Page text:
This page was written by John Clutterbuck with help from Julia Wise, Historic Environment Records Officer, Buckingham County Council and Edward Copisarow, of Shardeloes. Extensive reference has been made to A History of Amersham by Julian Hunt and to the Victoria History of the Counties of England (VHCE)
Shardeloes before the arrival of the Drake Family in the Seventeenth Century
The Misbourne Valley has yielded evidence of occupation during thousands of years. Finds have included flints from various periods of the Stone Age. In the 1980s, there were Iron Age and Roman finds from the construction of the Amersham by-pass and from an archaeological excavation at Mantles Green. Field walking has also yielded Roman coins, bricks and tiles, pottery, bronze bowls and ornaments.
In a letter dated 30 September 1753, J Collins wrote to the Rev Dr Stukely, Queen Square, London: “A great number of that emperor’s [Carausius] coins was found near that place [Amersham] about 2 years ago, as Mr Drake was making a large sheet of water which covers 40 acres, but most of ‘em are in the hands of the lord of the manor. The workmen, as they were digging, laid open a curious burial field, in the form of a minced pye, built with flints, several bodys found therein, some with ear-rings, all dropt to dust soon after they were exposed to the air. Near to that place I discovered a Roman pavement, & took up several bricks, about an inch square out of the margin of the pavement, of divers colours. Mr Drake has been acquainted with it, & said he durst not open it till a proper opportunity, for fear the workmen’s shovels damage it, & nothing has been done since.”
The work described by Mr Collins was part of mid eighteenth century activity surrounding the construction of the present Shardeloes House and the renovation of the Shardeloes estate, including the lake. (Carausius was a rebel, a self-styled emperor of Britain and Gaul. During his short reign at the end of the third century, he issued coins of unusual purity.)
The Mantles Green site seems to have been an outbuilding, with facilities for iron making. It would be expected to have been complementary to a larger villa nearby. The presence of the latter would have been implied by Mr Collins’ reference to a tiled “pavement of divers colours”, i.e. a mosaic floor. The main villa has never been found. During a period of drought in 1992, P Struth, an Oxford student, conducted field walking of the dried up Shardeloes lake-bed but found no pottery, bricks or tiles that might be associated with a villa. It is perhaps unsurprising that no trace of Roman material was found on the lake bed in the 1990s. The lake had been drained in WWll, the parkland ploughed up, and silt from the lake had been spread over surrounding land.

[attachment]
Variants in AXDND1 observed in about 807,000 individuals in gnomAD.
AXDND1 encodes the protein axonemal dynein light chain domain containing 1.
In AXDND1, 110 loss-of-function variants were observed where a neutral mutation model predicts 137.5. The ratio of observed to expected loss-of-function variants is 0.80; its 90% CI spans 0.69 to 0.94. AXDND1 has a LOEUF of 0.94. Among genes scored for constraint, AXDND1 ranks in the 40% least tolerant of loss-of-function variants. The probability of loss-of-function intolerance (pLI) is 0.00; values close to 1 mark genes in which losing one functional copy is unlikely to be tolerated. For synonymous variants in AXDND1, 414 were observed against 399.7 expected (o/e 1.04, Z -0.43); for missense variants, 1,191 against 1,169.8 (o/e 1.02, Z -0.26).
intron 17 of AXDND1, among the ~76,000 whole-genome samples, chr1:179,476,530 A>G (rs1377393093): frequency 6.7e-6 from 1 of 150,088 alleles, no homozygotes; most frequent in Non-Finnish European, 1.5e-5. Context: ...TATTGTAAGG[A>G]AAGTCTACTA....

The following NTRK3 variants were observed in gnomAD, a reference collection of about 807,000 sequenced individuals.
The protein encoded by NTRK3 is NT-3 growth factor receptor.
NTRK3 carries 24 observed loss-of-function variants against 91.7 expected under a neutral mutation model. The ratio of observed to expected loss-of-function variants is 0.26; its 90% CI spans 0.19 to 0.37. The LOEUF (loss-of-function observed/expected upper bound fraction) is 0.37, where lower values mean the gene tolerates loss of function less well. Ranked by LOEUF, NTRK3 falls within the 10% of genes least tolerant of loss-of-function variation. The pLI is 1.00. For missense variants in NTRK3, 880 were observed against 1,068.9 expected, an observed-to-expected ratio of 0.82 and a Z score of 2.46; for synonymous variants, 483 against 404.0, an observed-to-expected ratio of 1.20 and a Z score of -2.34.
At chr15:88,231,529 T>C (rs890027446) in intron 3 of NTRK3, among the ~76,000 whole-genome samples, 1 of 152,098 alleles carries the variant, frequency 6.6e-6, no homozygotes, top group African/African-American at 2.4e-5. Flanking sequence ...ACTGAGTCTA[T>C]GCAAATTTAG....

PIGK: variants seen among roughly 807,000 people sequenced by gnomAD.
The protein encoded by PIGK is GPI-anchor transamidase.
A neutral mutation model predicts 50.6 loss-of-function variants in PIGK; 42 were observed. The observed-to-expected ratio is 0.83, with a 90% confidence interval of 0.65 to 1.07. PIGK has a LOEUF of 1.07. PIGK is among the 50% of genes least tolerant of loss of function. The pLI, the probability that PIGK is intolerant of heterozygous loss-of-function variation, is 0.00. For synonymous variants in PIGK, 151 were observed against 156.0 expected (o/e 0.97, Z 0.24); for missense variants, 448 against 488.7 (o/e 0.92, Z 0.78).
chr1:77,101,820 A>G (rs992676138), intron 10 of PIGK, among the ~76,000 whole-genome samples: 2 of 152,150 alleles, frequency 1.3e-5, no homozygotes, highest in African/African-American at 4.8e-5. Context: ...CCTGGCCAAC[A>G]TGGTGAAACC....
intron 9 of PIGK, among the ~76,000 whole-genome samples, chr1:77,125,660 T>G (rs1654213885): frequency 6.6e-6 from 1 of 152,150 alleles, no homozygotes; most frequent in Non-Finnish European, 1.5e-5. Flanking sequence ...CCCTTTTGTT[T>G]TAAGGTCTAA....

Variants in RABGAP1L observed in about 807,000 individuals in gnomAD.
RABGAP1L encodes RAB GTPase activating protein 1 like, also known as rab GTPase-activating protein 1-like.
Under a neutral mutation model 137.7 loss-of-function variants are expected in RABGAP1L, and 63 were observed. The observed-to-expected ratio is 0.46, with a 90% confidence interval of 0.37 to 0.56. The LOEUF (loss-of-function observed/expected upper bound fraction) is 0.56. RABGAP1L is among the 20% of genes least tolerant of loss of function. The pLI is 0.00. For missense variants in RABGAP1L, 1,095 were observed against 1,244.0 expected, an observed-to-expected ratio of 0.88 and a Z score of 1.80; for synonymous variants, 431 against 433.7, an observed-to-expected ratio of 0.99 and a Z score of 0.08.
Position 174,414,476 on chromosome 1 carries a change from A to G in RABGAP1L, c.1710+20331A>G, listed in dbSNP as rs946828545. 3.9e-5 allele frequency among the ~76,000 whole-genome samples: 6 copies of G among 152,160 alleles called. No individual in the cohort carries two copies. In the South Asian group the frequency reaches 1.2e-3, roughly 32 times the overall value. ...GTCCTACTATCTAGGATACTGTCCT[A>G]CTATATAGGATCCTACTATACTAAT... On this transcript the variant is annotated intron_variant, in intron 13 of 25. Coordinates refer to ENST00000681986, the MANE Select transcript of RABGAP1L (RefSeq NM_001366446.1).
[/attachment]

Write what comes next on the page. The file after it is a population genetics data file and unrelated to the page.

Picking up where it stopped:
Julian Hunt states in A History of Amersham that, by the time of the Domesday Book (1086), Geoffery de Mandeville had become the predominant land holder in Amersham. There is nothing in the Domesday Book which can be unequivocally related to Shardeloes, but Hunt suggests that Castrupps Close, mentioned in a seventeenth century lease, might have been the hitherto unidentified land and mill at Cattesropp, and that the mill pond at Cattesropp might have eventually have formed part of the ornamental lake at Shardeloes.
Whether or not the property at Castrupps/Cattesropp contained one of the three Amersham water corn mills mentioned in the Domesday book to have been eventually incorporated into an ornamental lake at Shardeloes, the first mention of the name Shardeloes (in this context) occurred in 1308, when part of the Amersham estate owned by Lawrence de Broc was granted to Adam de Shardeloes. The Victoria History of the Counties of England states that it was from Adam de Shardeloes that the estate “took its distinctive name of Shardeloes Manor”. The land reverted to the de Broc family, who transferred it to Simon de Brereford.
De Brereford was on the wrong side of a dynastic struggle between a young Edward lll on the one side, and his mother Queen Isabella and her consort Roger Mortimer on the other. Edward lll prevailed. Mortimer was executed and his ally Simon de Brereford forfeited Shardeloes to the king. A lease was granted in favour of William Latimer in 1331, and John Latimer received a further grant in 1334.
By the early fifteenth century, Shardeloes was in the possession of Henry Brudenell, and remained with the Brudenell family until the mid fifteenth century, when it passed through the marriage of Elizabeth Brudenell to Thomas Cheyne. Shardeloes was alienated from the Cheyne family to Henry Fleetwood in 1590, who in turn alienated it to William Tothill in 1595. Julian Hunt states “William Tothill added to his Buckinghamshire estate in 1595 by buying two small properties, adjoining Wycombe Heath, called Woodrow and Shardeloes. These estates had substantial houses on the hillside above Amersham, both of which could be let to wealthy tenants, but the real value was the unstinting grazing on Wycombe Heath … on the south-west boundary of Amersham … and the potential for enclosing more land from the common.”
The early Drake Family – 17th century to late 18th century
From the early seventeenth to the mid twentieth century, Amersham was dominated by the Drake family of Shardeloes. In his introductory note on the Drakes, Julian Hunt states that they “increased their family fortune by securing valuable sinecures and marrying wealthy heiresses”.